Monday, April 13, 2020

Thinking About the 5-Paragraph Essay

Lately, the 5-paragraph essay has been getting a bad rap. After all, there’s really nothing wrong with an essay composed of an introduction, a conclusion, and three paragraphs that explain and/or support a main point sandwiched in between. In fact, it can be an effective way to structure a piece of nonfiction writing.

But it’s certainly not the only way. And therein lies the problem. While students should have the opportunity to practice explaining ideas and composing arguments in 5 paragraphs, they should also learn and practice lots of other ways of writing. 

So now that we’ve agreed the 5-paragraph essay isn’t evil—in fact it can really come in handy—I’d like to point out that sharing nonfiction children’s books with a list text structure can be a great way to show students that some authors use a similar format as they write.   

What exactly is a list book? It has an expository writing style, and the main idea is presented on the first double-page spread. Then each subsequent spread offers one (or more) examples that support that idea. In most cases, a list book has a concluding spread that links back to the opening or offers a fun twist on the topic, leaving readers with a sense of satisfaction.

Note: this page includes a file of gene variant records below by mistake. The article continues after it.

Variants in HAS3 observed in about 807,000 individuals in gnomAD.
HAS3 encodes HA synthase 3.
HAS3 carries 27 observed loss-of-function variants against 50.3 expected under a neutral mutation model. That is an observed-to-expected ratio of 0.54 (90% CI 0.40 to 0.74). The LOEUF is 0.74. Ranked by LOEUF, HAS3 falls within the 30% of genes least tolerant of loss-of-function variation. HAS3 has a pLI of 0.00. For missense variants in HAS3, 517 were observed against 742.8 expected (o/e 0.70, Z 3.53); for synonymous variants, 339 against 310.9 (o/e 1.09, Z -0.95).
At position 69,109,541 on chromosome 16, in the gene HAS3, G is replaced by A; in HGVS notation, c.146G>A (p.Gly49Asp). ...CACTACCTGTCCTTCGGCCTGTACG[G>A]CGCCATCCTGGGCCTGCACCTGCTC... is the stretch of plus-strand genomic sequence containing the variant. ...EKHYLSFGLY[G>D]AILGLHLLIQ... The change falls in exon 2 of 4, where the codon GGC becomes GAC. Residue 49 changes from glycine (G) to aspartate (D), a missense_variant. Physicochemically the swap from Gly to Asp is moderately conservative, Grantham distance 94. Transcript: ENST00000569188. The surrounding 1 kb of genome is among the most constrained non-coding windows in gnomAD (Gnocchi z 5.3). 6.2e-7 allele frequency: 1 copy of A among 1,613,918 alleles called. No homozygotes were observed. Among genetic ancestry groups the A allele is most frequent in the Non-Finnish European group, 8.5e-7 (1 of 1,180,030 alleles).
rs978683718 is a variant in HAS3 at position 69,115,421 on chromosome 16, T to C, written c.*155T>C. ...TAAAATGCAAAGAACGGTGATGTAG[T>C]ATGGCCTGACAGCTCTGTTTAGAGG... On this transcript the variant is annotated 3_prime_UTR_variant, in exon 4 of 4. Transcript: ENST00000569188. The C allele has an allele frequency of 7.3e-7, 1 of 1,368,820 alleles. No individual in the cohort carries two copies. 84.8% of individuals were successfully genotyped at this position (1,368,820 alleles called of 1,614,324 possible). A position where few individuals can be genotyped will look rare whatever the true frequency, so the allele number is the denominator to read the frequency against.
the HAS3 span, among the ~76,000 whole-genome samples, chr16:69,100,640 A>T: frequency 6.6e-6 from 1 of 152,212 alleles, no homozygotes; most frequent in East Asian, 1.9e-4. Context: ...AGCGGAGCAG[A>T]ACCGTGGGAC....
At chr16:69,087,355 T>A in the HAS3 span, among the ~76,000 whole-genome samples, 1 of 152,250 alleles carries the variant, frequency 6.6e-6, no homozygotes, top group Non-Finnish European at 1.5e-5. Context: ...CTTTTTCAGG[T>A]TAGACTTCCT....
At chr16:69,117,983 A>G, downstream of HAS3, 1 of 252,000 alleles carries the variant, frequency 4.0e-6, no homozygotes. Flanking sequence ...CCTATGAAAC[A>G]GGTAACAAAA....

Sound familiar? A list book is basically a 10-ish paragraph essay (depending on how the book is designed and how many double-page spreads are devoted to backmatter). 

When students create a spread-by-spread book map of a list book, its similarity to a 5-paragraph essay quickly becomes clear, showing students that this kind of writing is authentic. It's more than just a classroom construct or a test-prep activity, it’s a kind of writing that professional writers have used—and in some cases modified in innovative ways—to create some of kids' favorite nonfiction picture books. 

1 comment:

  1. Melissa, this is such an interesting way to look at using picture books as the traditional 5 paragraph essay, I love it! Thank you for sharing.